PHUKET: Phuket's thousands of motorcycle taxis are being included in a data base that will be the start of more thorough regulation and controls.
In the same way that authorities last year determined how many taxis were on Phuket, a list of motorcycle taxis is being compiled.
A preliminary survey shows there are more than 3000 motorcycle taxis across Phuket, with most operating legally and illegally around Patong.
Vice Governor Jamleran Tipayapongtada, who takes charge of Phuket's transport-related issues, headed the meeting this week with district-by-district reports on the numbers of motorcycle taxis.
In Kathu, whih includes Patong, there were 1456 motorcycle taxis at 191 ranks. Another 220 riders operated in Patong without being assigned ranks.
In Phuket City, officials listed 1064 motorcycle taxis at 113 ranks. Another 162 riders operated illegally at 43 ranks.
In Thalang, the third of Phuket's districts, 259 motorcycle taxis operated at 18 ranks. Thalang also has sidecar motorcycle taxis, with 23 operating at Bang Tao and another 38 at Tesco Lotus, Thalang.
Proposals include a ban on drinking alcohol while working and harsher penalties for illegal taxi riders, the meeting at Phuket Provincial Hall in Phuket City was told.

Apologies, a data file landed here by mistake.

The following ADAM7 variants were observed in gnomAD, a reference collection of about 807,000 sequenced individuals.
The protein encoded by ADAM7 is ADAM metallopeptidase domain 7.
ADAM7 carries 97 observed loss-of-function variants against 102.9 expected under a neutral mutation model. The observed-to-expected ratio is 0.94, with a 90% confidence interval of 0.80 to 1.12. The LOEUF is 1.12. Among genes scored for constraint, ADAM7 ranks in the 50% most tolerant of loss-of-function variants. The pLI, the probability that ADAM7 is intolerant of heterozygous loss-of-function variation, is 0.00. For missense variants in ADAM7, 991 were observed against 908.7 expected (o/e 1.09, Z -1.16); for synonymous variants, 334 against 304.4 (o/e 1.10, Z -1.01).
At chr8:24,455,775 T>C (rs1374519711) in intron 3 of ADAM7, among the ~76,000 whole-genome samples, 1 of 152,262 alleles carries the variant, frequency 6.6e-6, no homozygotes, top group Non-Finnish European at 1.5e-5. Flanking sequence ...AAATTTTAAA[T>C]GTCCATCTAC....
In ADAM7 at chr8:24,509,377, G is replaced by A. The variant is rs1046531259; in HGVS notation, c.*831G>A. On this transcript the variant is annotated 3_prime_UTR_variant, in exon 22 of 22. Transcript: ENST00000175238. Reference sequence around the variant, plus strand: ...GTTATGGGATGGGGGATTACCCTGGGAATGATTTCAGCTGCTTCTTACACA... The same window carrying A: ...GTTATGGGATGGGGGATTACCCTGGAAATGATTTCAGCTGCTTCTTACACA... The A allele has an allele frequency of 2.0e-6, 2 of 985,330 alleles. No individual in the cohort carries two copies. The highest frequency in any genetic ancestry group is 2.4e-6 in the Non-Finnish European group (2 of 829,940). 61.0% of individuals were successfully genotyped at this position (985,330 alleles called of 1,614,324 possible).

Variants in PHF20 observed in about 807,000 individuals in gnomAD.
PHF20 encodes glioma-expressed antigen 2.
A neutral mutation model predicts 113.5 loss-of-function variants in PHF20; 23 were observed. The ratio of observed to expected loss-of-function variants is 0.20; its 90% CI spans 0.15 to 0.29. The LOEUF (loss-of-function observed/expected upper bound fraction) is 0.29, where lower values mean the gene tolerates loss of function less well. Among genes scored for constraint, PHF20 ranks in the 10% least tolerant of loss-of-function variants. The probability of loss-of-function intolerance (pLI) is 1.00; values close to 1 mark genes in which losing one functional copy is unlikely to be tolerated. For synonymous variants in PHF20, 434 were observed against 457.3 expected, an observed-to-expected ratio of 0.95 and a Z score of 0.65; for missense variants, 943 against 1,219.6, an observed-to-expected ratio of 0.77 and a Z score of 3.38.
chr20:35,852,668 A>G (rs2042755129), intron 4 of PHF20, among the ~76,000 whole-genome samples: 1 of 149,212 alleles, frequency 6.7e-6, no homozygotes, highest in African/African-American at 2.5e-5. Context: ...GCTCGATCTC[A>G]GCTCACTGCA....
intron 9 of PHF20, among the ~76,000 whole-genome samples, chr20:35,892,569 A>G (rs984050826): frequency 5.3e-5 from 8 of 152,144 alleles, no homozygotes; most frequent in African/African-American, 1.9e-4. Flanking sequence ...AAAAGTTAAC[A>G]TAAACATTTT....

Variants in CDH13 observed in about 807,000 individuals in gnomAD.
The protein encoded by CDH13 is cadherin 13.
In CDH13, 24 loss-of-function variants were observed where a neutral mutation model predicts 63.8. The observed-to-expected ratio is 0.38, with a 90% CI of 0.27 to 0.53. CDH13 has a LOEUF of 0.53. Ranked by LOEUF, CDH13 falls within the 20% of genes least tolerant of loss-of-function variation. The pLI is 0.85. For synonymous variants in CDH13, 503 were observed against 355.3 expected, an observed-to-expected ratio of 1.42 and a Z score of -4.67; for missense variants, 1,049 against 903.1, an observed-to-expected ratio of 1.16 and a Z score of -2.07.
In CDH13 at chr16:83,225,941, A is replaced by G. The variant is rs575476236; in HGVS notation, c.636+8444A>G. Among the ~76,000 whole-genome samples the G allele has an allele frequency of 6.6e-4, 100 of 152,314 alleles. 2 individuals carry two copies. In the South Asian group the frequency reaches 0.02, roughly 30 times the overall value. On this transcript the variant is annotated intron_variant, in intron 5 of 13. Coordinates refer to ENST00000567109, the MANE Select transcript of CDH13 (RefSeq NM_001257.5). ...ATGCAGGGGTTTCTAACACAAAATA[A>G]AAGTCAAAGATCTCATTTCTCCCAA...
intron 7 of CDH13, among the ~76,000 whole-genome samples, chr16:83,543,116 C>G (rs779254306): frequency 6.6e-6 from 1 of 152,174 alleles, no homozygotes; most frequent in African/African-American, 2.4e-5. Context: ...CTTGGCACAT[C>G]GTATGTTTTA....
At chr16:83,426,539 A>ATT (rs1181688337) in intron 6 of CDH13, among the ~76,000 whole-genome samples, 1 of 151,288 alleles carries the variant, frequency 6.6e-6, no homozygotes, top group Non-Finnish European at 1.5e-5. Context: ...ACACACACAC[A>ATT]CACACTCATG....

Registration of motorcycle taxis is expected to follow a similar process to the registration of vehicular taxis last year.
Taxi, tuk-tuk and motorcycle taxi numbers continue to grow on Phuket because the island has few public transport options.
Phuketwan has recommended putting an end to extortionate fares by intoducing a call centre system so that passengers are no longer charged for a trip they don't make.
Taxis still return empty to their ranks because of historical inter-village rivalries. Lack of fair prices for taxis leaves Phuket at a disadvantage compared to other holiday destinations.
Phuketwan also recommends capping the number of drivers, relicencing them all, imposing annual quality checks and service training, and reducing the total number of taxis by 10 percent each year for three years as the call centre is introduced.
Such a system would end passengers being forced to pay for a trip they don't make, cutting existing fares by half and making them comparable with other destinations.
It would also free Phuket's west coast roads from massive congestion caused by multiple ranks.
Maximum fares would be set and closely controlled but negotiable downwards.
Drivers who voluntarily abandoned the taxi business would be retrained in other skills at government expense.